Over the past couple of years I’ve read a lot of stories. Stories about 'the church', about abuse and pain and loss and grief, about leaving or being driven out, about healing, about rebuilding hope, about learning to trust again. And in every story I’ve read there comes a point in the narrative where the storyteller started to ask questions. For some it came early, for others late. But whenever it came, the questioning seemed to come for all.
And the time when the questions start marks a new phase in the journey. A new chapter in the story. Because when we start to ask questions we begin to engage differently with the reality we've known and accepted up to that point. Our perceptions change and the view becomes strangely unfamiliar. We start to grow. We begin to change.
In my own story, the questions came slowly at first. Like tentative steps into an unknown river which might carry me away to who knew where. But as I wrestled with them, became more confident in my uncertainty, I found myself being swept into a maelstrom of fear and rejection.
Don't question us. Don't rock the boat. Sit down. Shut up. SUBMIT!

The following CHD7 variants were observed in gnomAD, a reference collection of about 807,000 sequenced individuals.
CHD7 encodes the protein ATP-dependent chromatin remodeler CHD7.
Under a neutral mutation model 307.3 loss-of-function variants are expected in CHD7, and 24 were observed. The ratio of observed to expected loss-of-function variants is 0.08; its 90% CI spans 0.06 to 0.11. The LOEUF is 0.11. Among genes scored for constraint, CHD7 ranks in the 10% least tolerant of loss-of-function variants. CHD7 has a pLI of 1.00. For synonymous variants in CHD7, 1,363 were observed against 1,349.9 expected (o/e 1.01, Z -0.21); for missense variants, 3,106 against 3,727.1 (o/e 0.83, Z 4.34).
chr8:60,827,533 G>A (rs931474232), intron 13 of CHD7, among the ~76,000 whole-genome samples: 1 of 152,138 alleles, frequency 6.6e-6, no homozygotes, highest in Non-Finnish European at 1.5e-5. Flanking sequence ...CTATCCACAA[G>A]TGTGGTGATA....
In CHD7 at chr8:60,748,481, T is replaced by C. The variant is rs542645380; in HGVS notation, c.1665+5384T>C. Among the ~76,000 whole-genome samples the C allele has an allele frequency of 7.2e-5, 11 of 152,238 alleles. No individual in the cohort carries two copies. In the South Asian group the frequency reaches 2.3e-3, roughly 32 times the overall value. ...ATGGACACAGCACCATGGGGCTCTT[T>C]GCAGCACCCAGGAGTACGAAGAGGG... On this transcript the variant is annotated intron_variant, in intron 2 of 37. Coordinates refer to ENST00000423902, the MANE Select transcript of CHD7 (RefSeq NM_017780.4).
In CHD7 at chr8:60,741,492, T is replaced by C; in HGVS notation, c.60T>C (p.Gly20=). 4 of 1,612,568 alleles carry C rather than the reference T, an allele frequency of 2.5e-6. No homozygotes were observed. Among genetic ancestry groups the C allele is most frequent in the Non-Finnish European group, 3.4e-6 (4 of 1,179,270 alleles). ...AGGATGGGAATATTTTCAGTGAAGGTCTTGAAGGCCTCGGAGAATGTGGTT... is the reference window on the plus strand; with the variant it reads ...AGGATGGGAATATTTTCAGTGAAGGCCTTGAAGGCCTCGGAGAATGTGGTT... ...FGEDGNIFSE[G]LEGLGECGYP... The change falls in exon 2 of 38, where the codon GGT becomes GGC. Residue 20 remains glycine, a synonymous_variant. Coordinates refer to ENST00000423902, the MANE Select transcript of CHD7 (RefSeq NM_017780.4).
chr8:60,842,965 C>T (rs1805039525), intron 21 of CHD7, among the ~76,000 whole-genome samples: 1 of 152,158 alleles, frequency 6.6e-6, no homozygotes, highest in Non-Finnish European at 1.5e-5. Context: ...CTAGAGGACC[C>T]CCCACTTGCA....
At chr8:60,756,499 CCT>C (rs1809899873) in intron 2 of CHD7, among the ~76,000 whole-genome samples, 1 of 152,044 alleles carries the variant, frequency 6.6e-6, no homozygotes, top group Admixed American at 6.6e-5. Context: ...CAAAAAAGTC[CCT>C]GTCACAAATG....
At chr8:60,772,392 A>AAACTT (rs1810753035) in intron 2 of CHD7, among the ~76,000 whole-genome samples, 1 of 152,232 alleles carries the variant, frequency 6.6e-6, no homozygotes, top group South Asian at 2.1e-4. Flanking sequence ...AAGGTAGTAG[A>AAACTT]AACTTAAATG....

But ironically, it was those very questions which then became a life-line as I painfully dragged myself out of the raging waters which threatened to drown me.
I have travelled a long way since then and one of the things that has kept me going is the freedom to examine and challenge the things I thought I once knew. Things I'd been taught by 'the church', things I'd been told were unquestionable, things I'd never before thought to doubt. Incontrovertible truths.
But that's the upside to betrayal!
When you've learned the hard way that some of those foundational things you've believed to be true have suddenly proved to be false, you start to wonder what other things might be too.
You'd believed. You'd trusted the whole weight of your soul to those foundations. And you'd found them to be rotten right through.
And you'd started to question. And you were silenced. By friends. By family. By 'the church'.
And then, in a miracle of desperation, you learned that God was not afraid of your questions.
And you realised that a religion that was so fragile that it crumbled under the weight of a single question was not one you had time for.
And you grieved that you'd bought into an institution so afraid of being examined it was willing to engage in human sacrifice.
And you walked away heartbroken.
And you knew that you'd learned something important. A life-long lesson. That the things worth believing, things solid enough to trust in, are always contestable.